There are some definite advantages to renting an apartment or a townhome. If something breaks, you don’t have to pay to have it fixed, and you don’t have to clean the gutters or mow the lawn. However, one big disadvantage of renting is that you may not be able to change out the lighting fixtures as you see fit, and if you can, there’s always a risk of damaging something, and forfeiting your security deposit. So what can you do if your landlord doesn’t want you doing a little lighting makeover? Below are a few simple lighting tips to make the most out of your rented space.
Energy Efficient Lighting: Let’s start with the basics here. We know that the EISA bulb ban officially banned standard 100-watt incandescent bulbs on January 1, 2012,
FlexTec 5050-60-IP20-27K2403 Warm White LED Tape Light
with 75-watt incandescent bulbs following suit on January 1, 2013. The 40 and 60-watt bulbs got the ax this year on January 1 as well. So what does that leave you with? Well, you can either go with CFLs, or their much more efficient alternatives, LEDs. Both will save you stacks of cash compared to incandescent bulbs, but your most efficient option here are the LEDs. While the initial cost of LEDs is considerably higher than incandescents and CFLs, the amount of money you’ll save more than makes up for the initial cost. Plus, you can put the money you save on your energy costs toward your lighting makeover.
Under Cabinet Lighting: The kitchen is one of the most important places to have adequate lighting, not to mention you can add some unique touches with accent lighting.
Since it’s wise to have enough light when you’re using sharp objects to slice and dice, look into under cabinet lighting. If you choose the under cabinet lighting route, you want to make sure your overhead lighting and under cabinet lighting match in color temperature. For example, if your overhead fixture is a cool white (between 4000K and 4100K), then you want to make sure your cabinet lighting matches that color temperature as well. Not only will installing an under cabinet fixture give you more usable light, but it’ll add a touch of refinement as well. If you already have sufficient lighting in your kitchen, check out LED tape light. Amazingly easy to install, LED tape light is an affordable way to add a little flair.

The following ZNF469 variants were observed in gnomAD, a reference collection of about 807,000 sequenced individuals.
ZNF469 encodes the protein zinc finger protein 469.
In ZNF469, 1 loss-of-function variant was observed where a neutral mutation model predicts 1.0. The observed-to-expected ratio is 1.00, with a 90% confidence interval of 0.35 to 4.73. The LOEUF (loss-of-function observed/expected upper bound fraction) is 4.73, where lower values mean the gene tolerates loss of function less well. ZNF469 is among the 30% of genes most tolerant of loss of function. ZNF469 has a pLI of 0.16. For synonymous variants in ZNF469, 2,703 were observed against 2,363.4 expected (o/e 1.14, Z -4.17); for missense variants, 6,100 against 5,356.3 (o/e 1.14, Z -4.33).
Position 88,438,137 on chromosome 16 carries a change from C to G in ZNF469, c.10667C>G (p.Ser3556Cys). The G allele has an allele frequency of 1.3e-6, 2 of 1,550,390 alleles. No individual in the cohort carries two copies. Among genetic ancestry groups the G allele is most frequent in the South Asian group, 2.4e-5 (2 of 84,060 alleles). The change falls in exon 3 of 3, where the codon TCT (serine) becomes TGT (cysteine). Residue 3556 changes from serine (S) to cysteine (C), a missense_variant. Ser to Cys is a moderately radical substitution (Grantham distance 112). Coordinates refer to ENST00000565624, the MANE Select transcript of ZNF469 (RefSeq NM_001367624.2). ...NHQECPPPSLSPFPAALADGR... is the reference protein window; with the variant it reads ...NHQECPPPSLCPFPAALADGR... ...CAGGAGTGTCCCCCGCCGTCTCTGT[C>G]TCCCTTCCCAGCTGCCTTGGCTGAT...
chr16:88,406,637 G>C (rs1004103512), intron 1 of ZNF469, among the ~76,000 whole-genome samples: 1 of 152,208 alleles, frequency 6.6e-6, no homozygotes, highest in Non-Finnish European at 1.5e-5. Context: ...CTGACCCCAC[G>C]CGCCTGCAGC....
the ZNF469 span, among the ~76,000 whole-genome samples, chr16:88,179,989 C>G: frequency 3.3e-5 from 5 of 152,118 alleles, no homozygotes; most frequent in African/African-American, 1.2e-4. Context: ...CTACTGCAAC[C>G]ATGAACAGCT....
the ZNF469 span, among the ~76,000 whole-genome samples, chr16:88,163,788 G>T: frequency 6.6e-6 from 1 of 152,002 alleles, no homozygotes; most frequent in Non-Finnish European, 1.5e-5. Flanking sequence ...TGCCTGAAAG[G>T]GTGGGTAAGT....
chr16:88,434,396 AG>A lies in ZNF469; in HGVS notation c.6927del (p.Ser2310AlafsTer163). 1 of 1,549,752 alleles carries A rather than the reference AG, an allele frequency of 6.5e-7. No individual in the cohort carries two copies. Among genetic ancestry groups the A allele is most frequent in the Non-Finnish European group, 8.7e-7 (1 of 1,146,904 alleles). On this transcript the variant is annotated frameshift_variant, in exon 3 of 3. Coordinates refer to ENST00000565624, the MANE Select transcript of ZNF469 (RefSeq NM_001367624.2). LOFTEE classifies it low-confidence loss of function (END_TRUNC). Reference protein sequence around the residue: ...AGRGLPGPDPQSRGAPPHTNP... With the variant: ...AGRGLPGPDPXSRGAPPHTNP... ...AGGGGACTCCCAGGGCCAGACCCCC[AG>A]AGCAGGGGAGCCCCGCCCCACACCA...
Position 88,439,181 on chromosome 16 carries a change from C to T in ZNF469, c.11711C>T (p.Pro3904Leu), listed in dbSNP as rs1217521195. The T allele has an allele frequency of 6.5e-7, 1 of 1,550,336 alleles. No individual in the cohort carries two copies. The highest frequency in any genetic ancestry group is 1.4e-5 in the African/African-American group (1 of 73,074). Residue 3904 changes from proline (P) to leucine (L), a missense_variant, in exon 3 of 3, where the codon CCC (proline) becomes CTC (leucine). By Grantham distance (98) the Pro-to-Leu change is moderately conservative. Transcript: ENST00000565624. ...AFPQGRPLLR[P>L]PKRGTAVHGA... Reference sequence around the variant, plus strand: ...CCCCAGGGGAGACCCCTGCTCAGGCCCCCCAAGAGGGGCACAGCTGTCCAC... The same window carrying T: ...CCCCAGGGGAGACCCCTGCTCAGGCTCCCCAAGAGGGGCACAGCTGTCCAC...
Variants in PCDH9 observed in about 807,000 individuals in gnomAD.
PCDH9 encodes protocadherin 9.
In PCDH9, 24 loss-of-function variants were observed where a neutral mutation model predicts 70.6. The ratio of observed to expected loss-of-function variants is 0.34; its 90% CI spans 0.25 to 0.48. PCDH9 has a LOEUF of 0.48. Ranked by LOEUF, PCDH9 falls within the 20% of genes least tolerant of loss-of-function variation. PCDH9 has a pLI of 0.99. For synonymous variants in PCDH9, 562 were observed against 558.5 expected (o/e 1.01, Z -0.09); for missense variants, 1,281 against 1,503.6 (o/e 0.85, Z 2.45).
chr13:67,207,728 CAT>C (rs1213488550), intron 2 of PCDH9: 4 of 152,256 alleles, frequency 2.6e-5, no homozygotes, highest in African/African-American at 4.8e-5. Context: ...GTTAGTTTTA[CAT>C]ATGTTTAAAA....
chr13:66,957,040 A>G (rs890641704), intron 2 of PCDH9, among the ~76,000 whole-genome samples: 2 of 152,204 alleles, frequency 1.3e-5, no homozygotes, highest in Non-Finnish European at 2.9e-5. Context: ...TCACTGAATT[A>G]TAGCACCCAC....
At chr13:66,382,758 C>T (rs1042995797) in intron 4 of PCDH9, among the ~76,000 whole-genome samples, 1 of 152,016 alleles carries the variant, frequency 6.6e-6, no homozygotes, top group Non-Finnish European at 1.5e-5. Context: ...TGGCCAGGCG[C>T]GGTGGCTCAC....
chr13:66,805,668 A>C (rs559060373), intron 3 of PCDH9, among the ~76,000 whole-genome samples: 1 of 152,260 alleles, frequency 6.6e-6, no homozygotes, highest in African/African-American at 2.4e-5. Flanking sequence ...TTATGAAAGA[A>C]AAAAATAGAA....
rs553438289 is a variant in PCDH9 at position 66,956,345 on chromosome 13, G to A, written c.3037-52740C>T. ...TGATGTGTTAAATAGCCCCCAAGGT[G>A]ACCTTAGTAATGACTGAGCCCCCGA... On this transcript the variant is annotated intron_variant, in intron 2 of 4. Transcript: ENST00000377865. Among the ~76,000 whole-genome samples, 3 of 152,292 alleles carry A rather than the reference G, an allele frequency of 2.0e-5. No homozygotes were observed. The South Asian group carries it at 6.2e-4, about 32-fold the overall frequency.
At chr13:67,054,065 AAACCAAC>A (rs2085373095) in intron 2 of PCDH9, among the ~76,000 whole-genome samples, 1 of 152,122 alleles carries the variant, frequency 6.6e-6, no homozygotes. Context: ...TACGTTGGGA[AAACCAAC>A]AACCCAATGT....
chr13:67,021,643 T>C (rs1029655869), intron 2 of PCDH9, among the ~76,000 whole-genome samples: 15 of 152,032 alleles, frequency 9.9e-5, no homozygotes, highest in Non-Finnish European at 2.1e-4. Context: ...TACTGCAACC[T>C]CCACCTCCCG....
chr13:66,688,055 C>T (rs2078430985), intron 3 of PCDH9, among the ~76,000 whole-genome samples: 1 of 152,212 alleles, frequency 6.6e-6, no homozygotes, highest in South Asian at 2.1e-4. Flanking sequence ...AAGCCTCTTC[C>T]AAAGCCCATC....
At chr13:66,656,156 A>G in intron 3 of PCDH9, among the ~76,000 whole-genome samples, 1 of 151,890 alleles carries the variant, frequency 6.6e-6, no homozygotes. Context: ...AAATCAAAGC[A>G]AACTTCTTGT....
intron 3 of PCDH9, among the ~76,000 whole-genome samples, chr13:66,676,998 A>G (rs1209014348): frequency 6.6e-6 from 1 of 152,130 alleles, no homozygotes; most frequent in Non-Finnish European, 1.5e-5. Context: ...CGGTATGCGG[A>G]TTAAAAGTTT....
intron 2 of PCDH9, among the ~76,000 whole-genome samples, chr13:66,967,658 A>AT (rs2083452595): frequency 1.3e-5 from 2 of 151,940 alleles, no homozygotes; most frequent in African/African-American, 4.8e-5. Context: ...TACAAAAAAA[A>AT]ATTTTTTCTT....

Floor/Table Lamps: Table and floor lamps are simple accessories that have a lot to offer. Not only will they give you more usable light, but they’ll also make your living space a little cozier. Like to curl up with a good book on those rainy days? Try adding a table lamp next to your favorite chair in the living room. Just like table lamps, floor lamps are versatile in that they offer both ambient and task lighting, giving you the freedom to switch between the two as the mood dictates. Looking for something that offers a different feel in terms of ambiance? Try LED candles. Battery operated and made of wax, these candles are much safer than regular candles, but have the same look and feel.
How do you make the most of your rented space? Tell us in the comments below, or give us a shout out on Twitter, Facebook, Google Plus, or Pinterest!